• warning: Parameter 2 to ed_classified_link_alter() expected to be a reference, value given in /home/soloneconomist/www/www/includes/common.inc on line 2968.
  • warning: Parameter 2 to ed_classified_link_alter() expected to be a reference, value given in /home/soloneconomist/www/www/includes/common.inc on line 2968.

Lynn Morris appointed to Solon City Council

City quickly fills seat vacated by Grover
Lynn Morris reviews budget documents during the Solon City Council’s Jan. 20 meeting. Morris, a member of the city’s Board of Adjustment, was appointed to fill the unexpired council term of Casey Grover at the beginning of the meeting and was sworn into office by Mayor Steve Stange. (photo by Doug Lindner)

SOLON– The “No Vacancy” sign has been turned back on.
At a Jan. 6 Solon City Council meeting, Mayor Steve Stange read a letter of resignation from council member Casey Grover.
By the Jan. 20 meeting, newly-appointed member Lynn Morris was sworn into office.
Morris, 52, has been a resident of Solon since 2003, and recently served a term on the city’s Board of Adjustment.
During the same Jan. 6 meeting in which Grover’s resignation was announced, council members approved a motion to appoint a replacement.
The following Monday, Stange said he independently visited with each of the council members to consider the appointment of Morris as Grover’s replacement. Her service on the Board of Adjustment, he said, would allow her to readily step into the role of councilperson. She would also provide some gender balance for the council, he added.
By law, residents can petition the city for a special election through Feb. 3.
When the agenda item came up at the Jan. 20 meeting, Stange asked city staff if anyone else expressed an interest in serving.
City Administrator Cami Rasmussen said a man had inquired about the position during voting for the county election Jan. 19, but didn’t leave his name or contact information.
There was no further discussion.
“Seeing that there had not been a lot of interest shown in the fall election, and due to the timing of Casey Grover’s resignation, and we do have an interested person, Lynn Morris,” said council member Mark Krall, “I feel that we should appoint her to the council.”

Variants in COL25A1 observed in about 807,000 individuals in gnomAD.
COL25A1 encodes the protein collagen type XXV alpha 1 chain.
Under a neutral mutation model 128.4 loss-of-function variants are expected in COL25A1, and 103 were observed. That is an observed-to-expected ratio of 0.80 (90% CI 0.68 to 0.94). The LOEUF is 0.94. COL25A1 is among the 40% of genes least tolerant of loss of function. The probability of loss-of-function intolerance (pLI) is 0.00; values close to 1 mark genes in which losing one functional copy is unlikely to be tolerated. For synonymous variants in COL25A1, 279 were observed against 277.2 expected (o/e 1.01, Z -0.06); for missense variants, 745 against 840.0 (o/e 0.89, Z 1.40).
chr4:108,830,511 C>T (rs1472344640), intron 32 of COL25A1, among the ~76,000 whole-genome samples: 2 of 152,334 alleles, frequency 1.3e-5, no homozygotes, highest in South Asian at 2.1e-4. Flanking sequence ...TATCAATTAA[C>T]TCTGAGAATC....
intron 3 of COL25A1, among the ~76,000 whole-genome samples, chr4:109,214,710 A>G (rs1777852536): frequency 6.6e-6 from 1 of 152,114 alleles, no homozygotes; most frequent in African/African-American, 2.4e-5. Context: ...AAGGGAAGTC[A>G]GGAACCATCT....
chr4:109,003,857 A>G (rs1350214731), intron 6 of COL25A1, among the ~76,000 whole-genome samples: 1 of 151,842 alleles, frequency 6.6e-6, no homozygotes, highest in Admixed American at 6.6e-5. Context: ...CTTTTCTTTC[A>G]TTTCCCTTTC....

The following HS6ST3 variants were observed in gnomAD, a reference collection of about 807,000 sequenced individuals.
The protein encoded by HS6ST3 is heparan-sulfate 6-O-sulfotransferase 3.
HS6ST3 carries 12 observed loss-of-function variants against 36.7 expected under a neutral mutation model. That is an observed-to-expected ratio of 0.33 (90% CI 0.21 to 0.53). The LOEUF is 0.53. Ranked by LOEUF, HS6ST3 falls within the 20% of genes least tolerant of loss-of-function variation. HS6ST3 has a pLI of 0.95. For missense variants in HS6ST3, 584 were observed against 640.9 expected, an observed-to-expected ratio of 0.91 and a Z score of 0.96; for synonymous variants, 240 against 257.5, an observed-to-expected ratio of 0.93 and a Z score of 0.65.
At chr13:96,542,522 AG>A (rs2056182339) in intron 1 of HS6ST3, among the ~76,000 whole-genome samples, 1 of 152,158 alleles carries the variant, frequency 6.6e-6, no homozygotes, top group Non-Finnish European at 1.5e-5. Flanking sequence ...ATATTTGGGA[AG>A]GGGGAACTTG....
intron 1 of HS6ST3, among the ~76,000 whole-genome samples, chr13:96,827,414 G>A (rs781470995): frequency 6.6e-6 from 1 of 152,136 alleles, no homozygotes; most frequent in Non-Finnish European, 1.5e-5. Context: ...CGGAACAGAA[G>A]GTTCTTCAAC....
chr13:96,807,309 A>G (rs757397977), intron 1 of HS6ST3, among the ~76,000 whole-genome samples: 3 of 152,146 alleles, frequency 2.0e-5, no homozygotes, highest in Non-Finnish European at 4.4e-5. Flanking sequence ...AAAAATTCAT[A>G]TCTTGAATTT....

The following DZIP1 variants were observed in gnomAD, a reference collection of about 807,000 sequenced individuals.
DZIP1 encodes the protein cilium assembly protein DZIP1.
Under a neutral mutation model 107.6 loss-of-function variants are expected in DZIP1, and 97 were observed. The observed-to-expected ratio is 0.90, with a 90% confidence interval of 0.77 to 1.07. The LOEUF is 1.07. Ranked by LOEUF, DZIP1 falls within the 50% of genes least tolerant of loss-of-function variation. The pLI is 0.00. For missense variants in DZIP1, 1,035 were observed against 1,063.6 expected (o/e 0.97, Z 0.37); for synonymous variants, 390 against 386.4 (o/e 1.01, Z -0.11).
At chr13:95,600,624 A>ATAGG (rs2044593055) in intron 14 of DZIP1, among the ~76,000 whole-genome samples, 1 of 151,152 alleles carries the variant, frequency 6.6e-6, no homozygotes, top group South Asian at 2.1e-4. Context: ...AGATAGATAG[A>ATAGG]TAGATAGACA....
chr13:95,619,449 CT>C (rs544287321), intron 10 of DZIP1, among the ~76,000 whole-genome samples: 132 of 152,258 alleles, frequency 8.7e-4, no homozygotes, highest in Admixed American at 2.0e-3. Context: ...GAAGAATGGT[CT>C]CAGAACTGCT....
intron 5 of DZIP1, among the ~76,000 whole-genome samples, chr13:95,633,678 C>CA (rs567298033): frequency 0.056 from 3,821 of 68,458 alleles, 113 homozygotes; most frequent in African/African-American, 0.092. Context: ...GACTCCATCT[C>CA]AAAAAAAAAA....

“Is that a motion?” asked Stange asked.
“I’ll make it a motion,” Krall replied.
After a second by council member Dale Snipes, the appointment was approved on a 3-0 vote, and Morris was sworn in and took a seat at the table for the rest of the meeting.
Casey Grover was elected to a four-year term in November 2013. Morris will fill the remainder of his term, which expires December 2017.
Morris grew up on a farm near Welton, north of DeWitt, and attended high school in DeWitt before attending Mount Mercy College in Cedar Rapids. She graduated from Mount Mercy with a Bachelor’s of Science degree in nursing and pursued a career in home health nursing, first in Raleigh, N.C., and then in Chicago before taking a post in 1992 with the Visiting Nurse Association (VNA) of Johnson County in Iowa City.
She spent about two decades as a supervisor and clinical services manager with the VNA, and now serves as director of nursing for Therapy Solutions, Inc., a home health care agency in Cedar Rapids.
Morris met her husband, Greg, in 2002, and they married in 2003. She has two sons, James and Jake, both graduates of the Solon Community School District, and a daughter-in-law, Taylor.
Morris said she had no idea why Stange approached her with the idea of serving on the council, but admitted she had thought about it previously.
“I didn’t have time,” she said, but noted, “I really like Solon and I have always wanted to be involved.”
Morris said she was honored to be asked, and had to think about it.
“When you’re asked to do a civil service, I think you should at least try,” she said. “If I’m going to live in a community, and it’s going to be where I live and retire, I think, why not get involved and participate in the city’s activities?”
When asked if she had a specific area of interest, Morris responded, “All of it.
“I am coming in completely open-minded,” she said. “I love living in this town, and for it to sustain is important to me.”
She promised a thoughtful approach.
“In my job, there’s always an end result to the decision you make, and you have to be thinking about that end result while you’re making the decision,” she said. “Sometimes you have five minutes to make the decision, sometimes you have a day or two.”
She admitted to having little experience with municipal affairs, but had already started the process of getting familiar with what’s going on at City Hall.
“They have made it clear that I can ask any question,” she said of the city’s elected officials and staff.
Morris described herself as honest and approachable.
The reality, she said, is people have to work, and sometimes they can’t make comments about city issues during business hours. She pledged to make herself available, but noted she wouldn’t take or return phone calls after 10 p.m.
“If I’m out at Beef Days, please talk to me; if I’m walking my walk, please talk to me,” she said.